Craft beer in North America was born in the west, that much is pretty well documented – Anchor and New Albion in California, Horseshoe Bay and Granville in British Columbia, Yakima Brewing in Washington, etc. It thrived there, too, in the early days as well as still today, but thanks largely to Jim Koch, what we then called microbrews came to national prominence via not the west, but the northeast.
I refer, of course, to the Boston Beer Company, based in and typically associated with its namesake New England city, even if its beers were then, as they still are now, largely brewed outside of Massachusetts. The somber face of Boston Beer’s “Brewer Patriot” Samuel Adams was what introduced most Americans to craft beer, and the expansion of the Boston Lager to state after state after state played a huge role in opening up the national beer market to small, independent beer brands.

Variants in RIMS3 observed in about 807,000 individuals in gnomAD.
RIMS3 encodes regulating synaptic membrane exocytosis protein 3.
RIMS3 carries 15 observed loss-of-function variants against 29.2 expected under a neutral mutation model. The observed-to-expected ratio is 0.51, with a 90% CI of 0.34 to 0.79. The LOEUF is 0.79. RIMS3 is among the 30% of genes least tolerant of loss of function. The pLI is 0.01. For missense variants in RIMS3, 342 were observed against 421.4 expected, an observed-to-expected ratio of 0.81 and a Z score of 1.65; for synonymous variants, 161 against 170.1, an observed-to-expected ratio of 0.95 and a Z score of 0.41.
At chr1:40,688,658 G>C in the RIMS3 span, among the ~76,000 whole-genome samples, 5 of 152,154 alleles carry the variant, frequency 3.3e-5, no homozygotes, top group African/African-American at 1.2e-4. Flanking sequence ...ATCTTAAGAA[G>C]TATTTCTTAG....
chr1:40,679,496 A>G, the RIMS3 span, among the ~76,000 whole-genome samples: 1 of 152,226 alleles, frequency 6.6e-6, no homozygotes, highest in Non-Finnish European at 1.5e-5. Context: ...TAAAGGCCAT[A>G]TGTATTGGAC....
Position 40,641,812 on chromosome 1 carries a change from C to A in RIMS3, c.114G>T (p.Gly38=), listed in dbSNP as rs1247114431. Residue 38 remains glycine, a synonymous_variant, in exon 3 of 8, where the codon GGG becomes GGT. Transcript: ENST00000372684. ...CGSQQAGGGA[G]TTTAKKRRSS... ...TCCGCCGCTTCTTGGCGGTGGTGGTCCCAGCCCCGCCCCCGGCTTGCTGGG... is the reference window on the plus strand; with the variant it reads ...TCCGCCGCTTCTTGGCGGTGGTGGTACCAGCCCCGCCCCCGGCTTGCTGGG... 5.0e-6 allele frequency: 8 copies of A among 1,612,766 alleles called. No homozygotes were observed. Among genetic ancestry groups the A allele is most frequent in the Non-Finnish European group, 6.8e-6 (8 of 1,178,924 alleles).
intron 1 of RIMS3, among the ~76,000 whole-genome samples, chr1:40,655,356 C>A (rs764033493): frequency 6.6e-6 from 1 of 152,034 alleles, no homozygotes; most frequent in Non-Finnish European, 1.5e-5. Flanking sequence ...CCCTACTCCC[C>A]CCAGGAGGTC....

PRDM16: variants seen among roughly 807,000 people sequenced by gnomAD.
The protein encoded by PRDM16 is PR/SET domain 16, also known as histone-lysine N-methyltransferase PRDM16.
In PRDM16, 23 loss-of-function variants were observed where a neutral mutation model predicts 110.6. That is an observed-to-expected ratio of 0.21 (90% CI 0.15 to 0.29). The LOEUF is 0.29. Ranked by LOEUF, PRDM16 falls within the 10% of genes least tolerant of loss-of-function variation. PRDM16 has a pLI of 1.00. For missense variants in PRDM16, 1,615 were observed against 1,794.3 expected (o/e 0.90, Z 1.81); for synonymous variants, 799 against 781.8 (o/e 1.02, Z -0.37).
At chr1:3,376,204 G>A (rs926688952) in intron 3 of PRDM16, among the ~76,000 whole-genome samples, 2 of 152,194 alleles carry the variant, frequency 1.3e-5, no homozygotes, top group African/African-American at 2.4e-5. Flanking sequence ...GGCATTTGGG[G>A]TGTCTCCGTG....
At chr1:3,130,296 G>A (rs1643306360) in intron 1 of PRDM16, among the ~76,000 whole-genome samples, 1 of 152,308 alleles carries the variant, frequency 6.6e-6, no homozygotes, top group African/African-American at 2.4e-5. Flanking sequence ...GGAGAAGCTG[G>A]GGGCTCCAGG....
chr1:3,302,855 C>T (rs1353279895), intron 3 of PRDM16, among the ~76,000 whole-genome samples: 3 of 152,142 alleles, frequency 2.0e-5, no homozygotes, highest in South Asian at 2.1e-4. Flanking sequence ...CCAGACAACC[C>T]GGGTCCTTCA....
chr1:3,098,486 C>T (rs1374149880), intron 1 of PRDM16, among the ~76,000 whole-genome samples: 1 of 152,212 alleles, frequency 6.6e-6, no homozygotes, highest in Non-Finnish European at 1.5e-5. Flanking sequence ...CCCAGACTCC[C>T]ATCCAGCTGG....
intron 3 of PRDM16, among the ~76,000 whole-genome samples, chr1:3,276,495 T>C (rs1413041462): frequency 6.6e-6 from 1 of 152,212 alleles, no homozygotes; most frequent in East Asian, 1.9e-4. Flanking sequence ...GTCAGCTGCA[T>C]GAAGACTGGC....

It was with this in mind, and after far too long a hiatus, that I returned to the U.S. northeast this past summer. After one hundred-plus beers, about 1,600 miles of driving and a whole lot of thinking, I arrived at the following conclusions and observations:
(Read more at The Celebrator…)